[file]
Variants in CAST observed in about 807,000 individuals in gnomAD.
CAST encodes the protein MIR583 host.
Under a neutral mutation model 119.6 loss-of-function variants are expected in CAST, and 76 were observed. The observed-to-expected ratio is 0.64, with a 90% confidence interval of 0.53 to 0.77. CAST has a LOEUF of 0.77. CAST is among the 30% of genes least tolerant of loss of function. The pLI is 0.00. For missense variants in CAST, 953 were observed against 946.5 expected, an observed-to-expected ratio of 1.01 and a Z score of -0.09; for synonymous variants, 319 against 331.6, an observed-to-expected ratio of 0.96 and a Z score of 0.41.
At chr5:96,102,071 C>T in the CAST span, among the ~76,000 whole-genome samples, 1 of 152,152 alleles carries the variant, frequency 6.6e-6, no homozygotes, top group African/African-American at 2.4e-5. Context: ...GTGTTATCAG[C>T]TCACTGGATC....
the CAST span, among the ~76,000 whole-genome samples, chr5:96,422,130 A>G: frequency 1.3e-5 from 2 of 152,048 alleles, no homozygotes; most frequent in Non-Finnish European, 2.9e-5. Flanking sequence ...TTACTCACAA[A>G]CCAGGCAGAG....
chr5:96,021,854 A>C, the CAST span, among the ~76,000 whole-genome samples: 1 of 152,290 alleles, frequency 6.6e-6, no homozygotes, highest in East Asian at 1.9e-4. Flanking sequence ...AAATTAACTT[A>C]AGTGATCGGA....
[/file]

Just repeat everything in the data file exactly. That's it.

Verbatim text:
Variants in CAST observed in about 807,000 individuals in gnomAD.
CAST encodes the protein MIR583 host.
Under a neutral mutation model 119.6 loss-of-function variants are expected in CAST, and 76 were observed. The observed-to-expected ratio is 0.64, with a 90% confidence interval of 0.53 to 0.77. CAST has a LOEUF of 0.77. CAST is among the 30% of genes least tolerant of loss of function. The pLI is 0.00. For missense variants in CAST, 953 were observed against 946.5 expected, an observed-to-expected ratio of 1.01 and a Z score of -0.09; for synonymous variants, 319 against 331.6, an observed-to-expected ratio of 0.96 and a Z score of 0.41.
At chr5:96,102,071 C>T in the CAST span, among the ~76,000 whole-genome samples, 1 of 152,152 alleles carries the variant, frequency 6.6e-6, no homozygotes, top group African/African-American at 2.4e-5. Context: ...GTGTTATCAG[C>T]TCACTGGATC....
the CAST span, among the ~76,000 whole-genome samples, chr5:96,422,130 A>G: frequency 1.3e-5 from 2 of 152,048 alleles, no homozygotes; most frequent in Non-Finnish European, 2.9e-5. Flanking sequence ...TTACTCACAA[A>G]CCAGGCAGAG....
chr5:96,021,854 A>C, the CAST span, among the ~76,000 whole-genome samples: 1 of 152,290 alleles, frequency 6.6e-6, no homozygotes, highest in East Asian at 1.9e-4. Flanking sequence ...AAATTAACTT[A>C]AGTGATCGGA....